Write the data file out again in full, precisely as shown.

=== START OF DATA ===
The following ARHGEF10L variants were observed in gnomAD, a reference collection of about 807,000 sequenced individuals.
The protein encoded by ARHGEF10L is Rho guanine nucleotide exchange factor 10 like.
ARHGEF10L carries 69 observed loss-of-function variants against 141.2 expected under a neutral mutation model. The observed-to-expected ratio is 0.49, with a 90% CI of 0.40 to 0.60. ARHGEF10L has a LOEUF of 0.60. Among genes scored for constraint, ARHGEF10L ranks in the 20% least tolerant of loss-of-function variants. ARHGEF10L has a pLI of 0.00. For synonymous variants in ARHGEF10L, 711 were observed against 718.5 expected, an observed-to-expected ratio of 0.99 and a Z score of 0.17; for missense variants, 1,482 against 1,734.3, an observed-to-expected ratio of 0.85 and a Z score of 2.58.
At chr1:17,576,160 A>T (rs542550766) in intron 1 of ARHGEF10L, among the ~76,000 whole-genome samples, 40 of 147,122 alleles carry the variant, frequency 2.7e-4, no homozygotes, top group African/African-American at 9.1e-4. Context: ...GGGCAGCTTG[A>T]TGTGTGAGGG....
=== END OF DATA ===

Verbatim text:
The following ARHGEF10L variants were observed in gnomAD, a reference collection of about 807,000 sequenced individuals.
The protein encoded by ARHGEF10L is Rho guanine nucleotide exchange factor 10 like.
ARHGEF10L carries 69 observed loss-of-function variants against 141.2 expected under a neutral mutation model. The observed-to-expected ratio is 0.49, with a 90% CI of 0.40 to 0.60. ARHGEF10L has a LOEUF of 0.60. Among genes scored for constraint, ARHGEF10L ranks in the 20% least tolerant of loss-of-function variants. ARHGEF10L has a pLI of 0.00. For synonymous variants in ARHGEF10L, 711 were observed against 718.5 expected, an observed-to-expected ratio of 0.99 and a Z score of 0.17; for missense variants, 1,482 against 1,734.3, an observed-to-expected ratio of 0.85 and a Z score of 2.58.
At chr1:17,576,160 A>T (rs542550766) in intron 1 of ARHGEF10L, among the ~76,000 whole-genome samples, 40 of 147,122 alleles carry the variant, frequency 2.7e-4, no homozygotes, top group African/African-American at 9.1e-4. Context: ...GGGCAGCTTG[A>T]TGTGTGAGGG....